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FDP Forum / Home Recording Forum / Converting MIDI files to MP3's?

tdk

Finland

HELP! Population less than 100 000 000!
Aug 16th, 2016 08:23 AM   Edit   Profile   Print Topic   Search Topic

I have about 200 MIDI files that I use for gigging clubs and parties but now I'm going to go busking and need to be able to play the files off of my phone.

My current MIDI file hook up is that I have a Roland midi module that play the files and I send a midi out to an external Boss drum machine for a punchier sound.

I was thinking of playing the files through my mixer and take a line out and hook it up to my computer. And record with some kind of recording software. Any ides of what software to use or am I doing something completely wrong here?

Juice Nichols
Contributing Member
*******

Panama City, FL

I'm just a dude, playing a dude...
Aug 16th, 2016 09:37 AM   Edit   Profile   Print Topic   Search Topic

Abelton can convert midi files to audio.

The way I do it in Protools is bus the midi track to a new audio track and record it in real time as the midi track plays.

tdk

Finland

HELP! Population less than 100 000 000!
Aug 16th, 2016 10:48 AM   Edit   Profile   Print Topic   Search Topic

Thanks JN. After a bit of testing I have abandoned the ide of recording onto my computer. I'm getting this terrible hum that I'm not sure how to get rid of.

My plan now is to use my Fostex digital multi track recorder. I'm going to record the tracks in real time to the Fostex and then move them to my computer. They will probably be wave files but I will put them into my Sony Vegas movie editing software and render them to mp3's.

I know I might be doing something harder than necessary but that is my best option at hand as far as I have figured it out right now.

Peegoo
Contributing Member
**********
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******

Eat. Sleep. Guitar.

Repeat
Aug 16th, 2016 12:37 PM   Edit   Profile   Print Topic   Search Topic

Re: noise in your signal chain...

If you're using a desktop computer with a detached monitor, keep signal-carrying cables as far as possible from the monitor.

Also keep your signal-carrying cables away from any wires that carry AC power, as well as any AC power supplies or wall-wart transformers.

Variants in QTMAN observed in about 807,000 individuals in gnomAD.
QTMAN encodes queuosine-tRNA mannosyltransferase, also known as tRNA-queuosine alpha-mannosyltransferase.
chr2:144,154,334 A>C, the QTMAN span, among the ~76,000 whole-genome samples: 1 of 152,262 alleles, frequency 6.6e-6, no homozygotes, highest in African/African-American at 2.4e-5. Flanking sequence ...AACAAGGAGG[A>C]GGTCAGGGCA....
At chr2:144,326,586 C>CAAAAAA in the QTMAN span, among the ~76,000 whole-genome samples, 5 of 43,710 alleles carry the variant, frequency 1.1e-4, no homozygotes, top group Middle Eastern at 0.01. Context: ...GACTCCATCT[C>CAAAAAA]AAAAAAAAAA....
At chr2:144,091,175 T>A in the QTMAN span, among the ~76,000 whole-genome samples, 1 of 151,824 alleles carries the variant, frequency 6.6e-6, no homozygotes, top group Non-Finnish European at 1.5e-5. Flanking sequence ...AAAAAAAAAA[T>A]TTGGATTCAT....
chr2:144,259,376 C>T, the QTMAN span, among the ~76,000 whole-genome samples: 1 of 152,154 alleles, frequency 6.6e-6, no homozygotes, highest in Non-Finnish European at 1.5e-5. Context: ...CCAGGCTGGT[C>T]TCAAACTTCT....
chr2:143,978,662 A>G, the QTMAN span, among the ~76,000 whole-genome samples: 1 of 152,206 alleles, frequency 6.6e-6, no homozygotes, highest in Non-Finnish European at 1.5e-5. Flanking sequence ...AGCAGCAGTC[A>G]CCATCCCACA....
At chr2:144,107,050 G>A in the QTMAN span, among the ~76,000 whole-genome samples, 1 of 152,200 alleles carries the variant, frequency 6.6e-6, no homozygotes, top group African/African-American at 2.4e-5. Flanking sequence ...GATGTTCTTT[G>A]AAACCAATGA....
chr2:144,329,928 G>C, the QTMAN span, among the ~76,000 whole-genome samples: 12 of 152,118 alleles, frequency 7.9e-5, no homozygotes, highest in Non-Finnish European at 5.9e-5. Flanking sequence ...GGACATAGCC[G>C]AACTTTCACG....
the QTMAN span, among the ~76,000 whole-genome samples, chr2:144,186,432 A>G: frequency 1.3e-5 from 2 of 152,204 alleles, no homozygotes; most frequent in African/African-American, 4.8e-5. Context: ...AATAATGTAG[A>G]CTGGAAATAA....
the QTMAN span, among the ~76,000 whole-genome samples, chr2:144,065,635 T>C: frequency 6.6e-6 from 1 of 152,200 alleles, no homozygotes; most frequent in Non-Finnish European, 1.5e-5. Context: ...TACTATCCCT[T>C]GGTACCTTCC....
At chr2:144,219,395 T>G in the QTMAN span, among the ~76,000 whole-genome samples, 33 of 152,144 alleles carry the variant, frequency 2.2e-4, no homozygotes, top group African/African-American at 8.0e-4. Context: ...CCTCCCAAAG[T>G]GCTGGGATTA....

If you must run a signal line over an AC power line, have them cross at 90 degrees to each other. That helps greatly to reject induced noise.

If you have a fluorescent light fixture anywhere near your recording setup, get rid of it.

If you have a ceiling fan overhead, turn it off.

If there's a ceiling fan in the room below your studio (it might be right under your chair, 12" from a signal line on your floor), turn it off.

JBLTWIN1

usa

you want me to play where?
Aug 16th, 2016 04:38 PM   Edit   Profile   Print Topic   Search Topic

Also, in addition to the above, try plugging one thing in at a time and have some grounding adapters available. Sometime you have to "raise" some things above ground or actually UNGROUND them to kill hum. I had the same problem and just kept plugging things in one at a time to find the culprit and then put an adapter on it. Quiet as a church mouse now. Just don't unplug stuff and move it around or you'll have to go through it again. By the way, we call it a ground loop. Mike.

Achase4u

U.S. - Virginia

Aug 16th, 2016 10:00 PM   Edit   Profile   Print Topic   Search Topic

Peegoo knows all the tricks.

Your idea to go into the Fostex then the PC to convert to mp3 is a good solution. Nothing wrong with that if you don't have a proper interface that can take line-level sounds.

Tyrone Shuz

USA

I'm all in!
Aug 16th, 2016 10:24 PM   Edit   Profile   Print Topic   Search Topic

There should be a way to data dump your MIDI files onto your computer--you should not need to record them live. I'm sure a MIDI to USB cable would do the trick, along with your instruction manuals.

Once they are files on your computer you can import them into your DAW (I use SONAR, but there are many, and probably ALL of them can do this--)

Once you have the song imported you'll see the tracks. If you select those tracks then find an option for "bounce tracks" you can mix them as you like, and they will become a stereo audio track, and it won't be done live, just takes 30 seconds max as it converts them to audio and places them into a new stereo track which you can export as an mp3, or WAV.